F. Scott Fitzgerald Society Conference
Nov 6th - 10th, 2013
|2. "Who Was Sara Mayfield?" with Jennifer Horne (Thursday, 8 a.m. at Troy University, Montgomery Campus)|
If you've read your share of Fitzgerald biographies you probably know this book as the most critically disdained treatment of Scott and Zelda's lives and careers:
Sometimes unfairly known as the "anti-Milford," Exiles from Paradise was published in 1971 to correct so-called "misperceptions" popularized by Nancy Milford's bestselling Zelda from the previous year. The book's claim to fame was that its author was a childhood friend of Z's who knew the inside story-which turned out to be more a one-sided case of defending a dead friend and a hometown from gossip than of telling any "true" stories. As Kirkus Reviews put it at the time, "In [Miss Mayfield's] retelling of the entire story from drink to quarrel to drink to debt to drink, Scott not only suffers but Zelda gains very little; Miss Mayfield confirms here, chides and corrects there (without notes), claims at one point that Scott's 'off color' jokes were responsible for Zelda's crack-up, tampers with some of the relative knowns (the Josanne-here Jozan-affair becomes an 'infatuation') and one is left feeling that the book is a disservice to Zelda as well as Scott."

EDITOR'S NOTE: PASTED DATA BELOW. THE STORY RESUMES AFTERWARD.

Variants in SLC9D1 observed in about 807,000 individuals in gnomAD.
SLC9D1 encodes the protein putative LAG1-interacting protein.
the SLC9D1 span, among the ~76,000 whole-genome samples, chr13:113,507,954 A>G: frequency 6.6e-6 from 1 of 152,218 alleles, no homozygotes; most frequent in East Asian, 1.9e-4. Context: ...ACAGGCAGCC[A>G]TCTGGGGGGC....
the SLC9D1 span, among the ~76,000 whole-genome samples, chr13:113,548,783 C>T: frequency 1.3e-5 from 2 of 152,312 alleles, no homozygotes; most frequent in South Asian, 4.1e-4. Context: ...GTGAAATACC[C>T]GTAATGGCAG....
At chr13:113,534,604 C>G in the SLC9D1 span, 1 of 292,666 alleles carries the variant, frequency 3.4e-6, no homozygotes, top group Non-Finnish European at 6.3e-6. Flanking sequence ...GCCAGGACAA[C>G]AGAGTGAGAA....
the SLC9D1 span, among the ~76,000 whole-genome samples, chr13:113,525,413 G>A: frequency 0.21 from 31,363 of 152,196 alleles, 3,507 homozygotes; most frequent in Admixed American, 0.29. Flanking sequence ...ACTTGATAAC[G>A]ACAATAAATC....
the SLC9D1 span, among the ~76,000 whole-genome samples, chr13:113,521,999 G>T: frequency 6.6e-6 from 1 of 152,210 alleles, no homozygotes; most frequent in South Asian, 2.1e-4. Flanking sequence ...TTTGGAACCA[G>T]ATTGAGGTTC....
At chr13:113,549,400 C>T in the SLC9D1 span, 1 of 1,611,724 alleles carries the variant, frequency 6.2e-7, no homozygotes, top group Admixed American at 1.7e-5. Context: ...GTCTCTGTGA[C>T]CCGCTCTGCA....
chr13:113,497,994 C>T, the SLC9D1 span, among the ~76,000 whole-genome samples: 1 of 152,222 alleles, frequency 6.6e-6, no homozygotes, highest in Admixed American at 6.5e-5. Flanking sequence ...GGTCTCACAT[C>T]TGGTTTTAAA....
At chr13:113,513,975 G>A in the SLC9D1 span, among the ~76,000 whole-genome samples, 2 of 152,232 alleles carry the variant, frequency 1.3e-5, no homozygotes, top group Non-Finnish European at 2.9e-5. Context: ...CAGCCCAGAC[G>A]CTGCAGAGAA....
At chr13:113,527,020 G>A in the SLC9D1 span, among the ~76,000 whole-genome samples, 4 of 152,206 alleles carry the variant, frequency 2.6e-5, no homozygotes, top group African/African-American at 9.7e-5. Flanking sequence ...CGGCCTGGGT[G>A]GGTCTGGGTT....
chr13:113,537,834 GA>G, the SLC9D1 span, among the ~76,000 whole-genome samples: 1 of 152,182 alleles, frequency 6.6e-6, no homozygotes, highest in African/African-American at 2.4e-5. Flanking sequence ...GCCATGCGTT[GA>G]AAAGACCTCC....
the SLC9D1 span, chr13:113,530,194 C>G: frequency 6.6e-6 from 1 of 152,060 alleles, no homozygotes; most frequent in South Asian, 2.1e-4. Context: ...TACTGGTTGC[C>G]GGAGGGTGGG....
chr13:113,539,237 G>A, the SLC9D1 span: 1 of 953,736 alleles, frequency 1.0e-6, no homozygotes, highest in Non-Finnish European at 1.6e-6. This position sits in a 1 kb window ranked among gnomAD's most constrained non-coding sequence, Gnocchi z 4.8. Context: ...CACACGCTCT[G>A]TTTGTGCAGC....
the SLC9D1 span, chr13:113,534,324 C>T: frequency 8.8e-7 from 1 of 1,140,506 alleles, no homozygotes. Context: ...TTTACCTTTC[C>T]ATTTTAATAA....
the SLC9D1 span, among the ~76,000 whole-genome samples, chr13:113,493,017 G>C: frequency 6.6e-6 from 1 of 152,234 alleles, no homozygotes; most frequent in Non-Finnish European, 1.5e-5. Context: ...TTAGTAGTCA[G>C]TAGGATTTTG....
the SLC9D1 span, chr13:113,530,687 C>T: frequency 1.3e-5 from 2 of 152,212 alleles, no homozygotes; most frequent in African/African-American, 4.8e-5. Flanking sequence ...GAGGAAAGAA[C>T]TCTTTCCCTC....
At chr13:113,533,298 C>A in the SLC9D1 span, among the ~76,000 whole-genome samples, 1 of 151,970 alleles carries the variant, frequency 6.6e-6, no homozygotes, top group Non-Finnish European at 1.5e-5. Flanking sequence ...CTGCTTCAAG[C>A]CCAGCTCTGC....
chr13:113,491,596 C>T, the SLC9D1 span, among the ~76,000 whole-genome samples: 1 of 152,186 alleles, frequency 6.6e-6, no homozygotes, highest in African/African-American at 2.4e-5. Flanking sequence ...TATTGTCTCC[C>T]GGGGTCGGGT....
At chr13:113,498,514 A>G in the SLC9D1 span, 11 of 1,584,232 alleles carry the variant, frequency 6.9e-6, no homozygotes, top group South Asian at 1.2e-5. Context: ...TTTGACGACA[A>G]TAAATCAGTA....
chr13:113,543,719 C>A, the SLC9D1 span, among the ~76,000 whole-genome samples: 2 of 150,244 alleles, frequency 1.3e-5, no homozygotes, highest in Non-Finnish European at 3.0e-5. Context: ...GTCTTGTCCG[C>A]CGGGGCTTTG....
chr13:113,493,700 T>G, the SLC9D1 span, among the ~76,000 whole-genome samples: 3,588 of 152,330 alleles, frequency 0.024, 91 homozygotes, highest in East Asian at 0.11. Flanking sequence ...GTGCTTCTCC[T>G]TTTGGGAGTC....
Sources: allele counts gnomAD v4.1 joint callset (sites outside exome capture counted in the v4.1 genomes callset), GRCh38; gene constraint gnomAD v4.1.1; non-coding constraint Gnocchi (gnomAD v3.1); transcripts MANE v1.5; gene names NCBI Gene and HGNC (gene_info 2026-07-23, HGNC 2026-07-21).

Because of the biography's negative reception, critics have spent little time exploring Mayfield herself. (Sally Cline's 2002 bio is the rare exception). A few years ago, Jennifer Horne set out to develop a fuller picture of who the woman was and discovered a compelling character with a life story every bit as tangled and tragic as Zelda's. Because Mayfield is a Montgomerian-and because she was also a confidante of H. L. Mencken's wife Sara Haardt and Tallulah Bankhead as well-we thought Jennifer's research in progress offered an excellent opportunity to humanize a misunderstood figure. Nobody will walk away thinking Exiles from Paradise is a rehabilitated book. You will, however, have a deeper appreciation of why it was written the way it was.